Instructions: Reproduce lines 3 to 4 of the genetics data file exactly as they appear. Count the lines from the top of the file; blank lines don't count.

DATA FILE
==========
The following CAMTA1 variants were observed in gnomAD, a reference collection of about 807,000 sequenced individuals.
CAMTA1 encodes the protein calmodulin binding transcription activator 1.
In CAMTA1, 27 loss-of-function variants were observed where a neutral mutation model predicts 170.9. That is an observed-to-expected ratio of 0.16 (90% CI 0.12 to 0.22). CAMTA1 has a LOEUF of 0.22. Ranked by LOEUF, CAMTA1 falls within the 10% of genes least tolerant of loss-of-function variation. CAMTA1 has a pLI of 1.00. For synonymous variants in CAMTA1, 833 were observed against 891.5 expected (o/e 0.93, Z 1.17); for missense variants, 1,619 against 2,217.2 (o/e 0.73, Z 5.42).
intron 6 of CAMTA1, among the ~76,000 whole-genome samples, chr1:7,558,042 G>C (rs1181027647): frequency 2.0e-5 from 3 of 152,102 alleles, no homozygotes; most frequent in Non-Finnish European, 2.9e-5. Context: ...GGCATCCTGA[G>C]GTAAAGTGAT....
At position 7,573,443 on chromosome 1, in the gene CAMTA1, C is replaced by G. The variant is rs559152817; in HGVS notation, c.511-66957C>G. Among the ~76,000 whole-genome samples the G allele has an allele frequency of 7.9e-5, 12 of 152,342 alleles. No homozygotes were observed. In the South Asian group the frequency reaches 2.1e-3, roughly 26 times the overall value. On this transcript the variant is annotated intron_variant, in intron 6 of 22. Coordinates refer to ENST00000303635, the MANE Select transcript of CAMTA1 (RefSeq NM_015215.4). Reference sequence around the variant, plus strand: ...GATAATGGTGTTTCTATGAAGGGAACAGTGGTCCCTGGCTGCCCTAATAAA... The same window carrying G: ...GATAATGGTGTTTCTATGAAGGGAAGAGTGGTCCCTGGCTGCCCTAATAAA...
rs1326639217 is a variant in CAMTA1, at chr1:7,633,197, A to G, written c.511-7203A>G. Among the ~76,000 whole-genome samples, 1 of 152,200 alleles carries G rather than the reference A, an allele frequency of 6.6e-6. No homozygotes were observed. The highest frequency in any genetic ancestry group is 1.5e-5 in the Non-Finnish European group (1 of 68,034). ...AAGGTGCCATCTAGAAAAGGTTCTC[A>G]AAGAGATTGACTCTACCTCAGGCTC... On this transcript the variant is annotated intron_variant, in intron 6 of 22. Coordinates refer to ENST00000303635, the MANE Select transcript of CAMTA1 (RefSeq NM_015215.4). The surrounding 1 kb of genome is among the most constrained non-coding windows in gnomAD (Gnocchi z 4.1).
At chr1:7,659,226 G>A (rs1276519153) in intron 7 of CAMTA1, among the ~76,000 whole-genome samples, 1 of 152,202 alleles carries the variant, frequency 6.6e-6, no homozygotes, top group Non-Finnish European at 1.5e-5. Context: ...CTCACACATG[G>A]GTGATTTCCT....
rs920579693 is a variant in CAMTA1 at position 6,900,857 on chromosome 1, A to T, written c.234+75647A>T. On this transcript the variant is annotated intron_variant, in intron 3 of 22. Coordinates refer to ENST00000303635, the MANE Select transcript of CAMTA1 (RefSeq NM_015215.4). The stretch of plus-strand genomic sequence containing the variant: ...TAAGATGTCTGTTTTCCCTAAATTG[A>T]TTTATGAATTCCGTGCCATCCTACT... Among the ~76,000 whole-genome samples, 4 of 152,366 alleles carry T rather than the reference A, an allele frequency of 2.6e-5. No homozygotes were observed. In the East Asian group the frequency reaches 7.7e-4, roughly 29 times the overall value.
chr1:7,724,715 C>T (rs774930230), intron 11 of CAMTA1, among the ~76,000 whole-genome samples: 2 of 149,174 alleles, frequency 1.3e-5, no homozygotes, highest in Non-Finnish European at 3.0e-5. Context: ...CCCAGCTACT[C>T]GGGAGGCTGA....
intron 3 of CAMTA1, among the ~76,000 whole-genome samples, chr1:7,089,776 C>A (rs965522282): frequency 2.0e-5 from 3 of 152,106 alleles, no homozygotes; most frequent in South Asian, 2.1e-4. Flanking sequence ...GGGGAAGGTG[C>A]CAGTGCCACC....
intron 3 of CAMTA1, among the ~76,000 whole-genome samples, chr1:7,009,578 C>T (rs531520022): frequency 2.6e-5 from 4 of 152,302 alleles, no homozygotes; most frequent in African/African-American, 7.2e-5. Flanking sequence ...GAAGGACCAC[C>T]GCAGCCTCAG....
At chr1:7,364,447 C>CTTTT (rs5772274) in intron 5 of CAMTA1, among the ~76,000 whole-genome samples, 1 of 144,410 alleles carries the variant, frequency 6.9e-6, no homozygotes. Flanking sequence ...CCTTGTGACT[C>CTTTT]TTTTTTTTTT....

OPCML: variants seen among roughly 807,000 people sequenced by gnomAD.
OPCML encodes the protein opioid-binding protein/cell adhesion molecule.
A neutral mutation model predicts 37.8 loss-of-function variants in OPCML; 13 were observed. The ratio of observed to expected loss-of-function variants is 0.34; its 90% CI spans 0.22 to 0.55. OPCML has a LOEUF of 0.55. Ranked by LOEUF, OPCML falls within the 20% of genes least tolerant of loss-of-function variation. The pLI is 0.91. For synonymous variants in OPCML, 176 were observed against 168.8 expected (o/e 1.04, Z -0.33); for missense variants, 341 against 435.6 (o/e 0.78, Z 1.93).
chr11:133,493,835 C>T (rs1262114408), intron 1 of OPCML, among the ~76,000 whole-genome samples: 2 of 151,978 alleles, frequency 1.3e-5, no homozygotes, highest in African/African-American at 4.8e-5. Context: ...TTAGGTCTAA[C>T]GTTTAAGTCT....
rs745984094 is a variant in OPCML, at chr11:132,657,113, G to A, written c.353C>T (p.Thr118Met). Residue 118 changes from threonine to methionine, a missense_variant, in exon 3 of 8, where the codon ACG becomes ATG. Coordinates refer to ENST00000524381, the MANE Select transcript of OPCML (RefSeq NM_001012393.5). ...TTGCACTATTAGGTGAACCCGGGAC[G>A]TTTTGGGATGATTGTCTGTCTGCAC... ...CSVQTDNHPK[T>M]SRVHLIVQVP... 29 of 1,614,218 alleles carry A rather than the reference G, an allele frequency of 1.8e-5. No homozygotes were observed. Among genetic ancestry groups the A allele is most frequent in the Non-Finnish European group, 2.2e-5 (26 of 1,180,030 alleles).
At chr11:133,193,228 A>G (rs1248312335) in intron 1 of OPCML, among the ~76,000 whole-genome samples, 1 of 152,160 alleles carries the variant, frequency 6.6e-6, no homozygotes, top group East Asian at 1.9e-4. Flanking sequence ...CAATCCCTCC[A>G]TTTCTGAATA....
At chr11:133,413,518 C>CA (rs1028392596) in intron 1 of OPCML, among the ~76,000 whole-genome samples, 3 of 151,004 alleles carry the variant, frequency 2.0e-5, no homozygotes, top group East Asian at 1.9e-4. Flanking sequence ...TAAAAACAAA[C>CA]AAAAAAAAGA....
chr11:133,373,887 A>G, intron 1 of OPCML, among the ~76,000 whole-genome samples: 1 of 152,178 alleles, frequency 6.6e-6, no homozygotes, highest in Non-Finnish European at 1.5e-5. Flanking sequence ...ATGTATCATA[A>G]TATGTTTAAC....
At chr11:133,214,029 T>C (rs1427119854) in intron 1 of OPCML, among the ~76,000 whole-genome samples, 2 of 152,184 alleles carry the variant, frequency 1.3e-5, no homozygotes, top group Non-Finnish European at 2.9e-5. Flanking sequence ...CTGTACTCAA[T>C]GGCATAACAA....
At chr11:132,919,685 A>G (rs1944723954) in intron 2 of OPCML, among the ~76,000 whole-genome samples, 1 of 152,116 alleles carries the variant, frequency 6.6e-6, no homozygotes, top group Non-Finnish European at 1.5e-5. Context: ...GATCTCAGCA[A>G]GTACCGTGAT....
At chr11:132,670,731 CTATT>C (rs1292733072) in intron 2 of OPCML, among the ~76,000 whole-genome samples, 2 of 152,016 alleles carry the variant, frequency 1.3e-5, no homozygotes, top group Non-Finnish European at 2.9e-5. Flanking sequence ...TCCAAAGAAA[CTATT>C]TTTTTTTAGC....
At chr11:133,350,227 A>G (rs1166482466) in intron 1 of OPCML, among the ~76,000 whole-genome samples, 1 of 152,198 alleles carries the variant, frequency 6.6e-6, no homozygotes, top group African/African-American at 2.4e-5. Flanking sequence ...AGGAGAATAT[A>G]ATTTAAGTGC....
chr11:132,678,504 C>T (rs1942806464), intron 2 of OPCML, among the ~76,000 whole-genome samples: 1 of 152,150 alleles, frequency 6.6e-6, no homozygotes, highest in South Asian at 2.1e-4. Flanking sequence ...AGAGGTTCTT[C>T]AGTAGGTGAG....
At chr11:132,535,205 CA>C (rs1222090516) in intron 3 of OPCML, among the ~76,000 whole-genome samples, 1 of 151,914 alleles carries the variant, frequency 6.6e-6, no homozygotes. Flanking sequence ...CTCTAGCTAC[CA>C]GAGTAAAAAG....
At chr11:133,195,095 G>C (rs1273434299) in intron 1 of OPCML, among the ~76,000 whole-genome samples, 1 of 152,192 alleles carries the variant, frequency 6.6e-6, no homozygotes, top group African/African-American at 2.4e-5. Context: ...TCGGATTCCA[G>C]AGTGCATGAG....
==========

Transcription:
In CAMTA1, 27 loss-of-function variants were observed where a neutral mutation model predicts 170.9. That is an observed-to-expected ratio of 0.16 (90% CI 0.12 to 0.22). CAMTA1 has a LOEUF of 0.22. Ranked by LOEUF, CAMTA1 falls within the 10% of genes least tolerant of loss-of-function variation. CAMTA1 has a pLI of 1.00. For synonymous variants in CAMTA1, 833 were observed against 891.5 expected (o/e 0.93, Z 1.17); for missense variants, 1,619 against 2,217.2 (o/e 0.73, Z 5.42).
intron 6 of CAMTA1, among the ~76,000 whole-genome samples, chr1:7,558,042 G>C (rs1181027647): frequency 2.0e-5 from 3 of 152,102 alleles, no homozygotes; most frequent in Non-Finnish European, 2.9e-5. Context: ...GGCATCCTGA[G>C]GTAAAGTGAT....